6. We are able to embody the confidence and wisdom of Coco Chanel, who once quipped, "I don't do fashion. I am fashion." When the situation warrants it, I can definitely "clean up well." But then, I can look good in jeans and bare feet too.
    7. It's a cinch to say no. That would be "no" as in no more overcommitting to things I have no interest in doing, no more giving my phone number to people I don't want to call me, no more attending social events out of a misguided sense of politeness, and no more apologizing for things I'm not sorry for or that I have no control over.
    8. Younger men are now old enough to have real careers and order a round of martinis. Yes, there's something to be said for younger men when you reach my age. :)
    9. We've finally absorbed the reality that no pair of $3,000 sandals will ever be as sexy as quarterly dividends. $3,000! I'd never pay $100 for a pair of sandals!
    10. We've regained all that time we used to spend freaking out about turning 40. True.

    I've decided that I want to do something extraordinary for my 50th birthday, but I have no idea what yet. If you did something wonderful for your 50th (or 60th or 70th) or you're planning to do something wonderful, please share!

    Tuesday, April 1, 2008

    Gratitude Journal: March 2008

    It's the time of the month again when I share a partial list of all the things I have to be thankful for during the month just ending. This was a particularly difficult month for me, partly due to the snowballing effects of being laid off and losing my health insurance. I've also undergone a personal crisis that zapped what little emotional energy I had left.

    Yet, in spite of the challenges, and they were HUGE, I am so thankful that God has been more than faithful this month. He has shown me that He does and will provide for me in ways that seem incomprehensible and inexplicable to my modest mind. He has also answered complex questions in ways that can only be explained by Divine intervention. He has given me comfort when I thought I was inconsolable, and once again, He's given me hope.

    Here's just a small listing of all the things He's done in my life in the month of March alone:
    • My daughter came home from Iraq for nearly 3 weeks. I hadn't seen her in a year, and she came home in March to celebrate my birthday. We had a wonderful time together and she's doing so well. I am so proude of her.
    • My weekly women's group meetings have been absolutely awesome. God has taken a group of women who didn't know each other at all, and created a tightly-knit, Spirit-filled support group where we can share our deepest fears and our most private prayers. Even though the official 8-week session ends in two weeks, we've decided to keep the group going on our own.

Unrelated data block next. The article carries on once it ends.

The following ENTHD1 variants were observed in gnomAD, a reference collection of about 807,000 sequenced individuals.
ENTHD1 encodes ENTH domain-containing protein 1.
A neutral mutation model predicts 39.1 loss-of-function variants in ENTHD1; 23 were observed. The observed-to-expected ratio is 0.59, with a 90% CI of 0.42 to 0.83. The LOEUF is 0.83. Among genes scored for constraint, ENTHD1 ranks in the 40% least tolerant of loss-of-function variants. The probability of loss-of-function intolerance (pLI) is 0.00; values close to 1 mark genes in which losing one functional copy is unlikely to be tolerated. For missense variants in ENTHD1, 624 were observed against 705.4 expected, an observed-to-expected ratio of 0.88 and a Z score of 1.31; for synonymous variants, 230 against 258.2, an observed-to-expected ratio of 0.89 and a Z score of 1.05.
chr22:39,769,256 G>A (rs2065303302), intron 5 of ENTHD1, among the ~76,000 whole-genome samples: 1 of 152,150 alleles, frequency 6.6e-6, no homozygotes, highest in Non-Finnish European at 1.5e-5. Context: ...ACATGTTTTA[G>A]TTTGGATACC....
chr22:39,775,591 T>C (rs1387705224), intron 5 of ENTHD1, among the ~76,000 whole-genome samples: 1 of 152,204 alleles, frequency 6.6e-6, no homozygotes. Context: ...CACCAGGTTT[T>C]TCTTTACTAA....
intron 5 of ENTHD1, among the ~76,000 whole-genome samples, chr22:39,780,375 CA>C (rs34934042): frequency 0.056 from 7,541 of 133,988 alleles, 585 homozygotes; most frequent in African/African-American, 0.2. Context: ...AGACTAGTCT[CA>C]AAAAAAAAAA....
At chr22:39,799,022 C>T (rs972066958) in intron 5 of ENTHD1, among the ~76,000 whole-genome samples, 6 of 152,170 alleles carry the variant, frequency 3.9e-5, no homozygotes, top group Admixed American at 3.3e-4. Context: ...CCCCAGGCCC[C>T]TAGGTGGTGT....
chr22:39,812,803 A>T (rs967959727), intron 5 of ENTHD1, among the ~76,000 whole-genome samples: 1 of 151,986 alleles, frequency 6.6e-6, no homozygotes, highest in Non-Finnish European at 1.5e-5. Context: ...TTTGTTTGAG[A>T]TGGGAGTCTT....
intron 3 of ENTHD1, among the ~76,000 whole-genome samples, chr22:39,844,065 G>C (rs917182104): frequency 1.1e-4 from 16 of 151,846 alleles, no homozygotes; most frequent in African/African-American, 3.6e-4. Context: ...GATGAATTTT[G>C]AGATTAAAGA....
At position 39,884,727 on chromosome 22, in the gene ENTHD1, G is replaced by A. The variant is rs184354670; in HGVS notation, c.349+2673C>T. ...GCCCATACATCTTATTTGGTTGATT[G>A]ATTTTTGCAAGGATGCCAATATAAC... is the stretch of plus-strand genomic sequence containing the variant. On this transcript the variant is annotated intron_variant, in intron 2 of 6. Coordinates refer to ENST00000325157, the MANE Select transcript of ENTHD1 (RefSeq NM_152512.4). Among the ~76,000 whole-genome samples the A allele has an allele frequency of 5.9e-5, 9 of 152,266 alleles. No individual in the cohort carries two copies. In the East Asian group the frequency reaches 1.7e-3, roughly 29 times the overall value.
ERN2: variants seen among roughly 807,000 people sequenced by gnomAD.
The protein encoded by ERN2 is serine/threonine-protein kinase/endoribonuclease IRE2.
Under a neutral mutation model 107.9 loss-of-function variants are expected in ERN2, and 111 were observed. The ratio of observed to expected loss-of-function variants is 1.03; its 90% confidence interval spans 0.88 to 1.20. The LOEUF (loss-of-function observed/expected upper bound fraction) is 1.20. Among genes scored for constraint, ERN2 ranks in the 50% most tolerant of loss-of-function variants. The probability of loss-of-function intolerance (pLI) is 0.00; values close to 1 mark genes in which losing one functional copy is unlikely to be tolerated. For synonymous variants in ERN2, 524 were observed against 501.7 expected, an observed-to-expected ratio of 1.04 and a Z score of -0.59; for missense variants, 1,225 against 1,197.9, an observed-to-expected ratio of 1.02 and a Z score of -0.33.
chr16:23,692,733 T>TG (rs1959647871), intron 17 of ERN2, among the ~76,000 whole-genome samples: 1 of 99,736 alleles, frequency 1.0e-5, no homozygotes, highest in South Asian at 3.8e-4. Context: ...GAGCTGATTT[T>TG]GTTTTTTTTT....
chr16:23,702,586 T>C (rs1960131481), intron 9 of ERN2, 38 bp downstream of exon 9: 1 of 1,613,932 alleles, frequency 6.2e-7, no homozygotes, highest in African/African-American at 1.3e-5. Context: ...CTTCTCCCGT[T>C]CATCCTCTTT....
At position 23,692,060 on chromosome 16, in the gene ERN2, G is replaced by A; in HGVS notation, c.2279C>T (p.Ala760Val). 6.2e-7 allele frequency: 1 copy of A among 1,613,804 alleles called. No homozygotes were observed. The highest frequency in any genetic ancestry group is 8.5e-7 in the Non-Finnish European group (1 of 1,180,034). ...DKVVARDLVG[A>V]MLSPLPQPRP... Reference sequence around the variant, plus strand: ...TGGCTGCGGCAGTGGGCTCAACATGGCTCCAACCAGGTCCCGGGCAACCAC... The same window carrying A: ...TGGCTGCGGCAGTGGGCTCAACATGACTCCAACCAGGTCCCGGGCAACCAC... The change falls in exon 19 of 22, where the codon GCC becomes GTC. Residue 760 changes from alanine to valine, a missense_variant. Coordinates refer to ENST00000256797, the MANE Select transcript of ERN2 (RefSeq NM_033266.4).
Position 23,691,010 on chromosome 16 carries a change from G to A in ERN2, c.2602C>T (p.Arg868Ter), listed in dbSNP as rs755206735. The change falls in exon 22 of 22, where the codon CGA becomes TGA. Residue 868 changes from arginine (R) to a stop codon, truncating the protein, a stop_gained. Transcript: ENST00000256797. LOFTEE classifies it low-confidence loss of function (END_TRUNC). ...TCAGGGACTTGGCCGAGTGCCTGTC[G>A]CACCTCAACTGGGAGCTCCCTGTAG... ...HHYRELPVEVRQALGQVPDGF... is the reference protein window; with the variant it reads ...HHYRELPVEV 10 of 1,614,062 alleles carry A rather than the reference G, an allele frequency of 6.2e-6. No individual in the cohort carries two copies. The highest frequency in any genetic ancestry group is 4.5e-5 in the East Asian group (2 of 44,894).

• Every Sunday this month I've heard exactly the sermon I needed to hear that day, including this past week's message which was entitled "Men are like waffles, women are like spaghetti." Yes, it was hilarious, but it was also an awesome tutorial on the differences between men and women and how we can learn to communicate with each other better.
    • My discount prescription card came just in time to help defray a portion of the added expense of my medications now that I don't have health insurance.
    • A wonderful woman from church has recommended me for a job opportunity with a colleague of hers who I'm meeting for coffee on Friday morning.
    • I'm working on a full-time time contract which is helping to pay the bills for now. And, it's less than 5 minutes from my house.
    • I joined the church I've been visiting for the last few months and I'm absolutely convinced that it's exactly where God wants me to be. I've even been asked to prayerfully consider enrolling in upcoming Small Group Leader Development training so that I can co-facilitate a new women's group.
    • The final copy of my book came back from the printer and it looks great. I'm about ready to start marketing it (stay tuned for more on this soon).
    • I had a great lunch with a very dear friend that I hadn't seen in years. It's been a long time since I laughed so hard.
    • I got a box full of wonderful birthday gifts from my dear friend Susan, including some items that had been hers and/or her Mom's that she chose to share with me. I am so honored.
    • I completed a small consulting contract.
    • No matter how much money I've spent this month, the balance in my checking account has somehow stayed the same. I can't explain it other than to say that even when no money was coming in, I continued to give offerings at church and to the charities I support.
    • I was able to take my daughter to have her first full-body massage. She loved it!
    • The facilitator of my women's group introduced me to an entirely new way to "pray" that has made a miraculous difference in my relationship with God.
    • I've lost the extra 6 lbs that I've been trying to lose for the last year.
    • God is answering my prayers about a personal situation in ways that can only be described as miraculous.